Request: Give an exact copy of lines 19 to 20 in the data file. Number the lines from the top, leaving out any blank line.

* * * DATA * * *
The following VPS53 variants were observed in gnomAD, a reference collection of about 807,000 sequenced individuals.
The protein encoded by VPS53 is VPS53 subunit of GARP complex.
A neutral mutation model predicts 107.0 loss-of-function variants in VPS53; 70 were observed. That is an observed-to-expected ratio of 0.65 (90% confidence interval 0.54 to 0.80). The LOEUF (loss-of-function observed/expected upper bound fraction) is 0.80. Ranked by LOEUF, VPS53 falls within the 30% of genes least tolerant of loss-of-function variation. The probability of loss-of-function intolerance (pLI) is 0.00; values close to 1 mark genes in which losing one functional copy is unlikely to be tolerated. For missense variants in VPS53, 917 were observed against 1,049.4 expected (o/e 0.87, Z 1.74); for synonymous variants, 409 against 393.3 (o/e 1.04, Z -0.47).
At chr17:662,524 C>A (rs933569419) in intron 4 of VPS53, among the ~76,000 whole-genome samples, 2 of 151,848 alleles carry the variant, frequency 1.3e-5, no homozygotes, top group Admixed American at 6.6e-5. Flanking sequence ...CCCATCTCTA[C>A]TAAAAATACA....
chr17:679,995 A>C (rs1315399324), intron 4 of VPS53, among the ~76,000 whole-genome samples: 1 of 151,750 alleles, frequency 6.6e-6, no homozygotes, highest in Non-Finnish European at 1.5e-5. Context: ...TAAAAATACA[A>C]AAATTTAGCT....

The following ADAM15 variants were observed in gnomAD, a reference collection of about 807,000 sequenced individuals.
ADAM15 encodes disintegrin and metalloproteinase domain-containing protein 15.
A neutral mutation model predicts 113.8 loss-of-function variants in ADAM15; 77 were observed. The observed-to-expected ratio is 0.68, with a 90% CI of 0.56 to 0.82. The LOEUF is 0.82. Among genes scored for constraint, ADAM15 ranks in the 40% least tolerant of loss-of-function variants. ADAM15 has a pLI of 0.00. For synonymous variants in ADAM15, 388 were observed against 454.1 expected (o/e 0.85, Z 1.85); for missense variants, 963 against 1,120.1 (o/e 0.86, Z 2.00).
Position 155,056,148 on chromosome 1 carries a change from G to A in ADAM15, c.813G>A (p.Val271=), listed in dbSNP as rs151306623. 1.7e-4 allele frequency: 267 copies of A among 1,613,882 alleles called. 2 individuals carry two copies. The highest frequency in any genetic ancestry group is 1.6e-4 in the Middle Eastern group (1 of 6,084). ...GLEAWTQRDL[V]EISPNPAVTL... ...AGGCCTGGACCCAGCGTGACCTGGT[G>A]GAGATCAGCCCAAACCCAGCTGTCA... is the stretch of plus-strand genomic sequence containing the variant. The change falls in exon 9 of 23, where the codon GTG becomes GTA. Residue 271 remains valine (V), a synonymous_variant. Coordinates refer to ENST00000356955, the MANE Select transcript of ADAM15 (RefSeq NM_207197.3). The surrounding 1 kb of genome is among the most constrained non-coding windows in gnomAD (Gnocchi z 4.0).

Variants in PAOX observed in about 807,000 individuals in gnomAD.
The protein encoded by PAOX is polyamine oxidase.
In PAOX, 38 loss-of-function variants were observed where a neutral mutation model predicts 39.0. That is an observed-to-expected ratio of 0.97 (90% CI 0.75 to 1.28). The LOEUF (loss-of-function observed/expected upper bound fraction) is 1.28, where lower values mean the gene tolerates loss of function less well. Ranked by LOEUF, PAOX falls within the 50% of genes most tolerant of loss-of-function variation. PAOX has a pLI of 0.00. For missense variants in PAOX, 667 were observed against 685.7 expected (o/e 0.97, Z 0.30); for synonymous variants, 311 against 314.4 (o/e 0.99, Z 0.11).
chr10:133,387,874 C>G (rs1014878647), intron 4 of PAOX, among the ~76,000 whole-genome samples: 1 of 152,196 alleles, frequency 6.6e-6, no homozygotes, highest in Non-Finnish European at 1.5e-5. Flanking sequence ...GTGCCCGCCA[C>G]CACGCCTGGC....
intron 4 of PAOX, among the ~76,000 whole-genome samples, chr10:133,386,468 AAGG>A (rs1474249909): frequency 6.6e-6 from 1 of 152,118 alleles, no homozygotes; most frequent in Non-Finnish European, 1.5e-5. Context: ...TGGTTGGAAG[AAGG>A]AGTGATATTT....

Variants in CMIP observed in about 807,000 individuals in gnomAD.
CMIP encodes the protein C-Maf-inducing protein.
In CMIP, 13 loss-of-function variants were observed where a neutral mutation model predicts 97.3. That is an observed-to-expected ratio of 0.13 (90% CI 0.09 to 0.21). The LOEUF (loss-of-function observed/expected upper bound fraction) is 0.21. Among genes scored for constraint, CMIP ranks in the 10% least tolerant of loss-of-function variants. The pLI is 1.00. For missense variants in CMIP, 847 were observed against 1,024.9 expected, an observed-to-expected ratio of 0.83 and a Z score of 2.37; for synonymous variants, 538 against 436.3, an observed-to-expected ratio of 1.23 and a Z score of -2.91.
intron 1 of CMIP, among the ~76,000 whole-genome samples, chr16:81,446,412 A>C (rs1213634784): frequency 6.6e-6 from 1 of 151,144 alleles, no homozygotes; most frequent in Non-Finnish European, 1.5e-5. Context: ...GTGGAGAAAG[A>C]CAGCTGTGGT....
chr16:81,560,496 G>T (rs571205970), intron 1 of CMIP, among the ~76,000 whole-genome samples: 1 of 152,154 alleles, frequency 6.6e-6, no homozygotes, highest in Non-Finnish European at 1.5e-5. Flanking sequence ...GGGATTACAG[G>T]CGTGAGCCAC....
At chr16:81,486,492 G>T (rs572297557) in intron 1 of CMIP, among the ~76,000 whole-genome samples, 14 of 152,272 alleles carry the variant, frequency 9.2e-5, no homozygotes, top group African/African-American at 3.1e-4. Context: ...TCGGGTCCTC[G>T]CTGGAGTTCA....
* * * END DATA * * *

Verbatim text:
chr16:81,560,496 G>T (rs571205970), intron 1 of CMIP, among the ~76,000 whole-genome samples: 1 of 152,154 alleles, frequency 6.6e-6, no homozygotes, highest in Non-Finnish European at 1.5e-5. Flanking sequence ...GGGATTACAG[G>T]CGTGAGCCAC....
At chr16:81,486,492 G>T (rs572297557) in intron 1 of CMIP, among the ~76,000 whole-genome samples, 14 of 152,272 alleles carry the variant, frequency 9.2e-5, no homozygotes, top group African/African-American at 3.1e-4. Context: ...TCGGGTCCTC[G>T]CTGGAGTTCA....